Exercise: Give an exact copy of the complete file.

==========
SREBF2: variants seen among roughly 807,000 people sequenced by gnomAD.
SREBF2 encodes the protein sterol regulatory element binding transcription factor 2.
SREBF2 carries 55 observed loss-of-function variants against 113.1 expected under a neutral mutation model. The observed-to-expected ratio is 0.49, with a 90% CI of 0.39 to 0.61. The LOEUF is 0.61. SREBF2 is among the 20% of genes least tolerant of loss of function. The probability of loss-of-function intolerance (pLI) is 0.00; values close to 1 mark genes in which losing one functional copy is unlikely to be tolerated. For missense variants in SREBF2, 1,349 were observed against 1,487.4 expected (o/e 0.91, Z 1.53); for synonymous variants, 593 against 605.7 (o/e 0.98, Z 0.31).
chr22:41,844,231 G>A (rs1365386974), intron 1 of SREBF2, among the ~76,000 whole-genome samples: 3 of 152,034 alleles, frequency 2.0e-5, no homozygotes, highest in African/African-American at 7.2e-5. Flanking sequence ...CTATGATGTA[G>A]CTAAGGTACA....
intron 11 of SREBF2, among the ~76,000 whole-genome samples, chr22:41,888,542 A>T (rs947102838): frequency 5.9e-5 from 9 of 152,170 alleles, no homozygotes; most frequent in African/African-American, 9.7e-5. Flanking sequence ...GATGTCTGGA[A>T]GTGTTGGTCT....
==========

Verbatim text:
SREBF2: variants seen among roughly 807,000 people sequenced by gnomAD.
SREBF2 encodes the protein sterol regulatory element binding transcription factor 2.
SREBF2 carries 55 observed loss-of-function variants against 113.1 expected under a neutral mutation model. The observed-to-expected ratio is 0.49, with a 90% CI of 0.39 to 0.61. The LOEUF is 0.61. SREBF2 is among the 20% of genes least tolerant of loss of function. The probability of loss-of-function intolerance (pLI) is 0.00; values close to 1 mark genes in which losing one functional copy is unlikely to be tolerated. For missense variants in SREBF2, 1,349 were observed against 1,487.4 expected (o/e 0.91, Z 1.53); for synonymous variants, 593 against 605.7 (o/e 0.98, Z 0.31).
chr22:41,844,231 G>A (rs1365386974), intron 1 of SREBF2, among the ~76,000 whole-genome samples: 3 of 152,034 alleles, frequency 2.0e-5, no homozygotes, highest in African/African-American at 7.2e-5. Flanking sequence ...CTATGATGTA[G>A]CTAAGGTACA....
intron 11 of SREBF2, among the ~76,000 whole-genome samples, chr22:41,888,542 A>T (rs947102838): frequency 5.9e-5 from 9 of 152,170 alleles, no homozygotes; most frequent in African/African-American, 9.7e-5. Flanking sequence ...GATGTCTGGA[A>T]GTGTTGGTCT....